(Don’t) Catch Me If You Can: Toxicity of Highly Infectious Prions Under a Microscope
30 November 2021
Dr Iryna Benilova and Dr Madeleine Reilly
Prion diseases are caused by an infectious form of one of the body’s proteins, known as a prion. A recent publication by researchers at the Institute of Prion Diseases provides the first experimental evidence that damage to brain cells (called neurotoxicity) is not directly caused by prions themselves. In this article, the lead authors, Dr Madeleine Reilly and Dr Iryna Benilova, describe how they did this research and the next steps they will take to investigate further. They used a new imaging-based method to characterise neurotoxicity of prion-infected brain tissue. This method will provide researchers new approaches to test the neurotoxicity of different samples, enabling scientists to better understand how neurotoxicity occurs in prion diseases and to develop and target drugs more effectively.
In prion diseases, the infectious agent is able to make one of the body’s own proteins, the normal cellular prion protein, change shape into an infectious form known as a prion. However, a plethora of different ‘abnormal’ or disease-associated forms of the prion protein are created in the disease, not just prions, which are theorised to have different properties. For example, some forms might be neurotoxic, and other forms infectious.
Prion infections can go undetected for many months and even decades before the onset of symptoms. During this time, prions multiply and colonise the brain. As an individual can harbour extremely high levels of prions in their brains without damage to neurons (brain cells), we hypothesised that prions themselves might not be directly neurotoxic. If not, then is there another abnormal form of prion protein, distinct from prions that drives neurotoxicity?
Iryna comments: “Recent studies in a mouse model of prion infection showed that prion replication and the onset of neurotoxicity could be uncoupled. Mice were engineered with different amounts of prion protein in their brains, but these quickly accumulated the same level of infectivity upon inoculation with prions. However, the incubation period (how long it takes for the mouse to become ill) was significantly shorter in those mice which had the most prion protein. The onset of symptoms was preceded by a “plateau phase” of prion infection during which the level of prions did not substantially increase. The more prion protein that was present, the faster the mice become ill, even though they have equal amounts of prions. To discover the difference between prion infectivity and neurotoxicity, it’s crucial to understand what is happening during this plateau phase. Our idea is that a special neurotoxic form of prion protein is generated and its accumulation leads to neuronal loss.
We wanted to develop a method that could discriminate between toxicity of prion-infected and uninfected (control) brain tissue. We started by growing neurons in the lab which were isolated from developing mouse brains. After 10 days we had relatively mature-looking neurons with synaptic connections and networks of neurites (important features of healthy neurons). We treated these neurons with samples that contained high levels of prion disease neurotoxicity. Using live cell imaging on a system called an IncuCyte, we observed a significant retraction of neurites after only a few hours of treatment, indicating that we could measure the neurotoxicity in the sample.”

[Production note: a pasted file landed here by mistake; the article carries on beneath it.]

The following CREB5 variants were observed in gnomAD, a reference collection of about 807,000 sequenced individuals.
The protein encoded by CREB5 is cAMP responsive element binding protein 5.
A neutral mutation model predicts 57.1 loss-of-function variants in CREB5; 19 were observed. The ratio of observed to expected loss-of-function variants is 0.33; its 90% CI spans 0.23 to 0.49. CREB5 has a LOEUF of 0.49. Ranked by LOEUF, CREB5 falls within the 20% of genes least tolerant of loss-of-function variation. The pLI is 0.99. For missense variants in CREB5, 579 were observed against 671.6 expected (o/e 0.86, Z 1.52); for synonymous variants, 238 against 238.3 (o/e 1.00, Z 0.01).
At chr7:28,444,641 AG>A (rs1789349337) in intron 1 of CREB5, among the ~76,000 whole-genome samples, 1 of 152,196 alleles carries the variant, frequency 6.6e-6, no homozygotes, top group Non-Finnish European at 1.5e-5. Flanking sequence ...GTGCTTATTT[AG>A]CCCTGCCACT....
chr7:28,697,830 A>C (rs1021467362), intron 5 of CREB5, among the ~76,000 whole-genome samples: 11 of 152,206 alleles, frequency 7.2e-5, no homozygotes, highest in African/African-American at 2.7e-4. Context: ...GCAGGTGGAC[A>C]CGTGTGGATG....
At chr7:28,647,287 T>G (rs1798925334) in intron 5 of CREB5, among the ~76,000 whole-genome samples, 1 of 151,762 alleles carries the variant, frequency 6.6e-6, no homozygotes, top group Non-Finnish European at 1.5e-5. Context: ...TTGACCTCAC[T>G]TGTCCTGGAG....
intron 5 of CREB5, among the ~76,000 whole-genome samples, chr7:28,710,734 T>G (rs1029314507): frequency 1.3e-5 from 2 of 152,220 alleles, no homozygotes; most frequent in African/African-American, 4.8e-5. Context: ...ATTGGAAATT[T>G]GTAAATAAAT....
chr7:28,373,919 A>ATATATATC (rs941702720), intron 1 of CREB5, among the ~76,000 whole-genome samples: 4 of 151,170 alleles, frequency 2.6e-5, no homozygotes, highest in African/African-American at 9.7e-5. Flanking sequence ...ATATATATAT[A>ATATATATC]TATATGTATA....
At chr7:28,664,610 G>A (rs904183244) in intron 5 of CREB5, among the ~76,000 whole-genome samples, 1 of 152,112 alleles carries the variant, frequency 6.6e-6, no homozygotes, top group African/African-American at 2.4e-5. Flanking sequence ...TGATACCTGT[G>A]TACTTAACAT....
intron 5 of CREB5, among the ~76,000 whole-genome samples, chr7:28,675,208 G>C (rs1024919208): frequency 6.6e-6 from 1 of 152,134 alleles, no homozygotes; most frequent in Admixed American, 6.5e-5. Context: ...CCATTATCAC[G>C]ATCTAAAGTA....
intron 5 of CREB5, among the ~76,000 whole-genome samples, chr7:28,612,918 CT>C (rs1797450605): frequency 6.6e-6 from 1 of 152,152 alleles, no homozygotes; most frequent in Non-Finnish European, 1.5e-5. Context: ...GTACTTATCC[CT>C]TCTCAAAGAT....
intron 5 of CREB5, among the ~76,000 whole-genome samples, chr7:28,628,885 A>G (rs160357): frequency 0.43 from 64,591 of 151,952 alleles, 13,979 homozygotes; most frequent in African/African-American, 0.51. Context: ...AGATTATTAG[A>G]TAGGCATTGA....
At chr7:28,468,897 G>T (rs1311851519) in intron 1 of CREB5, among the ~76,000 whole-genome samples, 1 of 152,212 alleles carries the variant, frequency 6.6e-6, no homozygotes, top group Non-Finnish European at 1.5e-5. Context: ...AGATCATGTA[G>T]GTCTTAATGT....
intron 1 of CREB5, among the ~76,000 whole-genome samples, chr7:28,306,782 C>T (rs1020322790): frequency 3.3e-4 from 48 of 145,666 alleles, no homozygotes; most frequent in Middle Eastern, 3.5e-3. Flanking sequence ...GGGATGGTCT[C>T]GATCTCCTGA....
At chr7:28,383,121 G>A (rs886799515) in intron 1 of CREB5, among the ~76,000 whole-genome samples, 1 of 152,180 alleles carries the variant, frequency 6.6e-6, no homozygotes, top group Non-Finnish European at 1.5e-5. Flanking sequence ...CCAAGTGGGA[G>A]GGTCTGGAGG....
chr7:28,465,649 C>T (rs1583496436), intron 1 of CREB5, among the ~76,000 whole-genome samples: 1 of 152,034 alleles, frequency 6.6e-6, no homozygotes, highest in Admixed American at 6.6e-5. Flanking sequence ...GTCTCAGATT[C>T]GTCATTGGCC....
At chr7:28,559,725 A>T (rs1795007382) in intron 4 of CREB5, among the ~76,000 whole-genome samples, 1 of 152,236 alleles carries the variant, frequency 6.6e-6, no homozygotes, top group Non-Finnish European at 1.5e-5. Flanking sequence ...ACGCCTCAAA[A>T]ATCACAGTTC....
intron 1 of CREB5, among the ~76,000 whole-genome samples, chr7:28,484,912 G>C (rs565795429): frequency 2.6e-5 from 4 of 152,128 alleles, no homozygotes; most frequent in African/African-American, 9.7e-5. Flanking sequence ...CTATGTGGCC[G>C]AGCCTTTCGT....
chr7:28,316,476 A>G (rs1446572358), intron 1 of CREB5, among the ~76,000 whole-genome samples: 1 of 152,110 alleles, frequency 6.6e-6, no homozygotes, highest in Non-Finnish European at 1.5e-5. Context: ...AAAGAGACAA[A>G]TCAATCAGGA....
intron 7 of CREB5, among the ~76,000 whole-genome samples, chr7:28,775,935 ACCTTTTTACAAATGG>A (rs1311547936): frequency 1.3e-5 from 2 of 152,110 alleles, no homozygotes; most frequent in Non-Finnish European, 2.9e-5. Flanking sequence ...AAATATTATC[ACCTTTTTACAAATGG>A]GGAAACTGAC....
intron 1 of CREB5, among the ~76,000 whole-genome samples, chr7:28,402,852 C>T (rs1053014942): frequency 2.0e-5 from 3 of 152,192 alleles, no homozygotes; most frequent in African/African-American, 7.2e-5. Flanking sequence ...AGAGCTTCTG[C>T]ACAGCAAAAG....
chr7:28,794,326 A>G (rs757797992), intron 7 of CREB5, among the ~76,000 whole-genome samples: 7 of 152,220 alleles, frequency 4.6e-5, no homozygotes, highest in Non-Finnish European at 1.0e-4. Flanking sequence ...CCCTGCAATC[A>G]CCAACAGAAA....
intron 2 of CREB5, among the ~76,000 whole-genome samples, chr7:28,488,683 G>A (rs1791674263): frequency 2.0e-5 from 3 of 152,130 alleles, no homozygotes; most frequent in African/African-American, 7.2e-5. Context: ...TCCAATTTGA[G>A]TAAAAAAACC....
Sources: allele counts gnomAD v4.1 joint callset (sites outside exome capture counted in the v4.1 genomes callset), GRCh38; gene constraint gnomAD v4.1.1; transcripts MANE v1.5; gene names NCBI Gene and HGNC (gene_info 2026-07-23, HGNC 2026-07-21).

Madeleine commented: “I am very fortunate to have been involved in this interesting research study. We developed a new approach to analyse neurotoxicity using a high-content microscope called the Opera Phenix. The method uses algorithms to piece apart details in digital fluorescent images, detecting damage to neurons after they are treated with prion-infected brain samples. The method can identify and analyse breakage of neuron branches and loss of important connecting structures, called dendritic spines, which are essential for neurons to communicate with each other and function normally.
With our new tools, we were able to confirm that prions themselves are not directly toxic, whilst they remain extremely infectious. I believe this finding is vital to our understanding of prion diseases and of other more common neurodegenerative diseases. It could also facilitate the better targeting of drugs to prevent or halt neurodegeneration in prion diseases. But the question remains, what is responsible for neurotoxic damage to brain cells in prion diseases? I hope that our new research methods will help to study toxic forms of disease-associated prion protein, and even develop drugs to slow the damage they cause.”
Iryna went on to say: “Indeed, the next big challenge for us is to find the neurotoxic agent in prion diseases. To address this, we are trying to purify the substance that causes neurotoxicity using different detergents. We described in the paper that addition of a particularly harsh detergent called sarkosyl destroys toxicity of prion-infected brain homogenate without diminishing infectivity. This demonstrates that toxicity and infectivity are caused by different entities in prion-infected samples. A careful choice of detergent will be vital for preserving the toxic substance in the samples. In future work, we will use our imaging-based assay to study the generation of neurotoxic substances during the plateau phase of prion infection, and then further analyse these using other scientific methods to understand how they might cause neurotoxicity. Isolation and identification of prion-disease-induced toxic substances could become a next chapter in understanding neurodegeneration in prion and prion-like diseases”.